Letter to Eric Schneiderman

Eric Schneiderman

NYS Attorney General

120 Broadway

New York, NY 10271


            Re:  CPW Towers, Inc. v. Maddox, L&T Index No. 86146

                        (Civ. Ct., N.Y. Co. 2014)


Dear Sir:

            According to the teachings of Dr. Martin L. King, Jr.; the Fourteenth Amendment of the U.S. Constitution; the Code of Professional Responsibility; the decision in Brady v Maryland, 373 U.S. 83 (1963); and your own campaign promise to the black community, I am demanding your presence in the above-referenced summary proceeding to give truthful testimony about my purported disbarment after an illegal, interim suspension in 1990 and any subsequent disciplinary penalty.

            In your presentation, in the above-mentioned summary proceeding, I will be asking you to identify all constitutional, statutory and ethical infirmities that I had allegedly committed before and after May 21, 1990.  Your office has been the custodian of all records involving the rape of Tawana Brawley by Steven Pagones et. al. since, at least, January 1988.  As the custodian of records, you must be fully aware of all entries in public and confidential records.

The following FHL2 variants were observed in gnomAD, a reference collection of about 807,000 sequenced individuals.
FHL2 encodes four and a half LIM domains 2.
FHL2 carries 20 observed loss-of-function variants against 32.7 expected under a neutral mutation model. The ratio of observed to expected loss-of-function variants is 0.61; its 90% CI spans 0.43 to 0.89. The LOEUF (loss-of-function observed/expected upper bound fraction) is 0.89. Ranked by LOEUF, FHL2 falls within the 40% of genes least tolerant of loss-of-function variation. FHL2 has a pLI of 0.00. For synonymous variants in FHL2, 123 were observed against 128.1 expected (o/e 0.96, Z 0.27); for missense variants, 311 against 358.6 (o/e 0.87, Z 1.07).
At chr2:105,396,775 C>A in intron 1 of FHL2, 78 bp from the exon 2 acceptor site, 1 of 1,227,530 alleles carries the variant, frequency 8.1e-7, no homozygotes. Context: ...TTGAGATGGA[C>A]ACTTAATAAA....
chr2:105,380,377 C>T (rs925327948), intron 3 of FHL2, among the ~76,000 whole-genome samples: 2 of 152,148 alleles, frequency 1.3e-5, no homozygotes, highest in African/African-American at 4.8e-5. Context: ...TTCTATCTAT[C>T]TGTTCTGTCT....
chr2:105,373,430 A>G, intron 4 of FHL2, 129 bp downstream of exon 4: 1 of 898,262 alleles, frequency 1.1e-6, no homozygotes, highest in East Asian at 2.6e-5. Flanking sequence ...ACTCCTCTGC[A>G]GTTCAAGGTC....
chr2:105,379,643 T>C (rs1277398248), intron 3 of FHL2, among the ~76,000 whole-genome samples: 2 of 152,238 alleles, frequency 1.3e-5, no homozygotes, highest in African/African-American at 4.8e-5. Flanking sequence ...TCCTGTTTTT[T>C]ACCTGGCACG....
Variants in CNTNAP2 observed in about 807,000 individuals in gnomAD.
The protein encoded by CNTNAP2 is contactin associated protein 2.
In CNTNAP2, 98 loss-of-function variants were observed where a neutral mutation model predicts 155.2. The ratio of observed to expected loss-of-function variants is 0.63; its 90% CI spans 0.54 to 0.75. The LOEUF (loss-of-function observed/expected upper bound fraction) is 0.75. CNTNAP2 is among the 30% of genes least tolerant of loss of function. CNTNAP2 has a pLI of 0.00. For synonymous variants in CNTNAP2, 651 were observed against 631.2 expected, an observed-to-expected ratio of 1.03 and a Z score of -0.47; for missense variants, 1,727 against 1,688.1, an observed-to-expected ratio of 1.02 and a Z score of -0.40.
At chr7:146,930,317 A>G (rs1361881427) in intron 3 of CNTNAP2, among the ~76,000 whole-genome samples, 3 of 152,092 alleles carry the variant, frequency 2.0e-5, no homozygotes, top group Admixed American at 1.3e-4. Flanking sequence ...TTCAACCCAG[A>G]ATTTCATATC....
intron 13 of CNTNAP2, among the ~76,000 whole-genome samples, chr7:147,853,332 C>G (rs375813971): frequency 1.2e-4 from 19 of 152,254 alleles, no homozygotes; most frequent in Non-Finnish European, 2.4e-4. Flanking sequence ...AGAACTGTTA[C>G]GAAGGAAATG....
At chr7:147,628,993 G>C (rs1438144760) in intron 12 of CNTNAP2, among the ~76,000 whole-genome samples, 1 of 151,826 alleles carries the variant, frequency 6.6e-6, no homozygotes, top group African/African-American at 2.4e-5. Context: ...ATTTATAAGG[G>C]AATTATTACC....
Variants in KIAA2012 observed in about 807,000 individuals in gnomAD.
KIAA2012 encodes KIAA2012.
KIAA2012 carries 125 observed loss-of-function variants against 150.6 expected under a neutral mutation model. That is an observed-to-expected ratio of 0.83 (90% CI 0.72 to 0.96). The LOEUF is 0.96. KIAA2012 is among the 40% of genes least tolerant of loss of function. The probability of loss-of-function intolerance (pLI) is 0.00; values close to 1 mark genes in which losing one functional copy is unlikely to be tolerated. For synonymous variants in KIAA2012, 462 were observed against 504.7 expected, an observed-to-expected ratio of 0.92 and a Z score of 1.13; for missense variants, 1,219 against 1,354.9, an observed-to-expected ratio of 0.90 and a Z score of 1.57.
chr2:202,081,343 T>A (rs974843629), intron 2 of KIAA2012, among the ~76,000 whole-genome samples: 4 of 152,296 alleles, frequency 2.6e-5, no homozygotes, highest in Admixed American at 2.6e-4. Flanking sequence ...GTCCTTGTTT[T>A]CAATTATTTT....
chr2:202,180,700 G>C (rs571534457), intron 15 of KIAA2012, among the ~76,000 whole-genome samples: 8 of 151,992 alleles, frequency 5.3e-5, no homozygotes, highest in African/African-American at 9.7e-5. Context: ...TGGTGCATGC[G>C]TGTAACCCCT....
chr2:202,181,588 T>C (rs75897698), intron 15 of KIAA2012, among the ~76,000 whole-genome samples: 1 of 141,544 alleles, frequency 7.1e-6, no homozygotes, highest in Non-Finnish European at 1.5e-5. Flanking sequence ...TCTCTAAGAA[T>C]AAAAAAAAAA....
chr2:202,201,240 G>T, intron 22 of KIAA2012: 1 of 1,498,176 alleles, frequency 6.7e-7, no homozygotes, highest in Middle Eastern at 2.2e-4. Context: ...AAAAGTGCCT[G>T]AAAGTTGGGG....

I was given an interim suspension on May 21, 1990 amid People v. Sharpton in Manhattan Supreme Court, for New York to frustrate his right to counsel and his right to a fair trial.  The Democratic Party had a special interest in the outcome of the above-mentioned trial of People v. Sharpton.  Sharpton had been “two-timing” the Democratic and Republican parties.  I had represented him pro bono in People v. Sharpton.

            In 1994, New York’s Appellate Division:  Second Judicial Department filed a false instrument to negatively affect my well-earned “clean disciplinary record.”  This false filing had the effect, if not the intent, of yeasting up an unwarranted disciplinary penalty from zero to five years.  This deprived blacks of the right to a pro bono attorney in class matters.

            During Maddox v. Prudenti et. al., Index No. 5444 (U.S.D.C., E.D.N.Y. 2004) justices of the Appellate Division: Second Judicial Department filed a false declaration claiming that I had been disbarred.  This claim was made to undermine the civil rights litigation launched against the defendants in Maddox v. Prudenti et. al.  Your office was representing the justices therein.  This false claim came under the penmanship of Assistant Attorney General Charles Sanders.

            Female descendants of enslaved Africans are still “chattel slaves” in New York and elsewhere.  This proof of the status of black women started to unfold in November 1987.  It continued especially when your predecessor, Robert Abrams, announced that a fifteen year-old Tawana Brawley could not be the victim of statutory rape.  In short, the victim was Tawana A Slave.

            In Pagones v. Maddox, et. al. Index No. 4595 (Sup. Ct., Dutchess Co., 1988), Justice S. Barrett Hickman instructed the petit jury on seditious libel.  This instruction had been given against James Callender after he revealed that President Thomas Jefferson, a co-founder of the Democratic Party, was having sex with “Dusky”  Sally A Slave in the Executive Mansion.